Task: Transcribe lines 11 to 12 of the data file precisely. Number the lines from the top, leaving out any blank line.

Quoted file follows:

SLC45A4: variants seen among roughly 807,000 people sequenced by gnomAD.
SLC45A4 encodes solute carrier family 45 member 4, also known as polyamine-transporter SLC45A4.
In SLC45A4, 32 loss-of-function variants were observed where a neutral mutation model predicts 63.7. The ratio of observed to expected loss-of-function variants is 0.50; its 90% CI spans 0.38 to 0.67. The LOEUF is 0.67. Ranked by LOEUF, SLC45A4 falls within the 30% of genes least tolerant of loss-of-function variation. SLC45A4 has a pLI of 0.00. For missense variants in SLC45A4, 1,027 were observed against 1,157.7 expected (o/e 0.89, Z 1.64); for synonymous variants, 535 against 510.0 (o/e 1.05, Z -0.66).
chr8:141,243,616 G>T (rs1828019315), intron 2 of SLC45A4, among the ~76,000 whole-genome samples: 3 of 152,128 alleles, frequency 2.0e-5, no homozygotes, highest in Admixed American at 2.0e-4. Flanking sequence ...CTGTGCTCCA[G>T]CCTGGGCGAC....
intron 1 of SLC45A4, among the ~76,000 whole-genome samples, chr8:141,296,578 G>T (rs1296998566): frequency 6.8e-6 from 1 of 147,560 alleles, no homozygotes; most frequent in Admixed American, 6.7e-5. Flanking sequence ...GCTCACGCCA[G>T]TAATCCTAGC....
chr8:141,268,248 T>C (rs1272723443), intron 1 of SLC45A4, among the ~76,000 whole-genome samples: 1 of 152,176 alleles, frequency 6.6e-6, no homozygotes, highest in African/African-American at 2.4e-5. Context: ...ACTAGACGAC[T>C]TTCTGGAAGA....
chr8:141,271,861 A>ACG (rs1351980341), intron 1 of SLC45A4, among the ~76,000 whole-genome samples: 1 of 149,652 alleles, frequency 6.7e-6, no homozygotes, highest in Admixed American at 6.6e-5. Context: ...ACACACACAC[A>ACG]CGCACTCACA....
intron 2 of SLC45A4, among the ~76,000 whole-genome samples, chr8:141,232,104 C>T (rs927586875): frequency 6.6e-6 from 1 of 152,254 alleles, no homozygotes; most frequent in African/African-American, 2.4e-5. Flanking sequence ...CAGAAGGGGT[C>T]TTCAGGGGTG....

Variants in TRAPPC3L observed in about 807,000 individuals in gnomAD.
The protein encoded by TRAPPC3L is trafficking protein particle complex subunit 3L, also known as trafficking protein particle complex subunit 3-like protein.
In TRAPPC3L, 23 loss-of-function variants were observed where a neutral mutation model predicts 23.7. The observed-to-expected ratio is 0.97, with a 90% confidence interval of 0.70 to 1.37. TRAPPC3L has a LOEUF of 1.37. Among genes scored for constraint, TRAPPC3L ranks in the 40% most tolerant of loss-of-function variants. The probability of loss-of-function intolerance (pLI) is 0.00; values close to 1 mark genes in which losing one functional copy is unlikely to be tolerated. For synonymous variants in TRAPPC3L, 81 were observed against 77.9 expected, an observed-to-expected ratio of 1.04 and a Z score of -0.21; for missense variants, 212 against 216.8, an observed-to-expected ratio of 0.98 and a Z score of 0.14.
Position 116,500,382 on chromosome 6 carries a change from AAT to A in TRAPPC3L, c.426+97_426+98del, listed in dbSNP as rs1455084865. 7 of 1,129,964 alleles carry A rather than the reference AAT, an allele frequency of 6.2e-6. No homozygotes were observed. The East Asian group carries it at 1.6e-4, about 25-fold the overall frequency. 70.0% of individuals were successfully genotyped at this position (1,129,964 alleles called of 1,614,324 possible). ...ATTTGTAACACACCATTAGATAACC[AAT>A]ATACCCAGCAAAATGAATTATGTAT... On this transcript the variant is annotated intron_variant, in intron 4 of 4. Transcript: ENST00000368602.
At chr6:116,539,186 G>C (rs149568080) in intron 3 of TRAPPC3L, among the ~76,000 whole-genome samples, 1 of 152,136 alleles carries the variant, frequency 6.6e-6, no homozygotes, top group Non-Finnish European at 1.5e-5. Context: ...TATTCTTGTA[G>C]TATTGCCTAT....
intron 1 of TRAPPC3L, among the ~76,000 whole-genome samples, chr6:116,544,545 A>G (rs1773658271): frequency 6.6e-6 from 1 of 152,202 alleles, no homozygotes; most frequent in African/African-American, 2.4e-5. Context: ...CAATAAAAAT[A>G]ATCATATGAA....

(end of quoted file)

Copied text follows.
In TRAPPC3L, 23 loss-of-function variants were observed where a neutral mutation model predicts 23.7. The observed-to-expected ratio is 0.97, with a 90% confidence interval of 0.70 to 1.37. TRAPPC3L has a LOEUF of 1.37. Among genes scored for constraint, TRAPPC3L ranks in the 40% most tolerant of loss-of-function variants. The probability of loss-of-function intolerance (pLI) is 0.00; values close to 1 mark genes in which losing one functional copy is unlikely to be tolerated. For synonymous variants in TRAPPC3L, 81 were observed against 77.9 expected, an observed-to-expected ratio of 1.04 and a Z score of -0.21; for missense variants, 212 against 216.8, an observed-to-expected ratio of 0.98 and a Z score of 0.14.
Position 116,500,382 on chromosome 6 carries a change from AAT to A in TRAPPC3L, c.426+97_426+98del, listed in dbSNP as rs1455084865. 7 of 1,129,964 alleles carry A rather than the reference AAT, an allele frequency of 6.2e-6. No homozygotes were observed. The East Asian group carries it at 1.6e-4, about 25-fold the overall frequency. 70.0% of individuals were successfully genotyped at this position (1,129,964 alleles called of 1,614,324 possible). ...ATTTGTAACACACCATTAGATAACC[AAT>A]ATACCCAGCAAAATGAATTATGTAT... On this transcript the variant is annotated intron_variant, in intron 4 of 4. Transcript: ENST00000368602.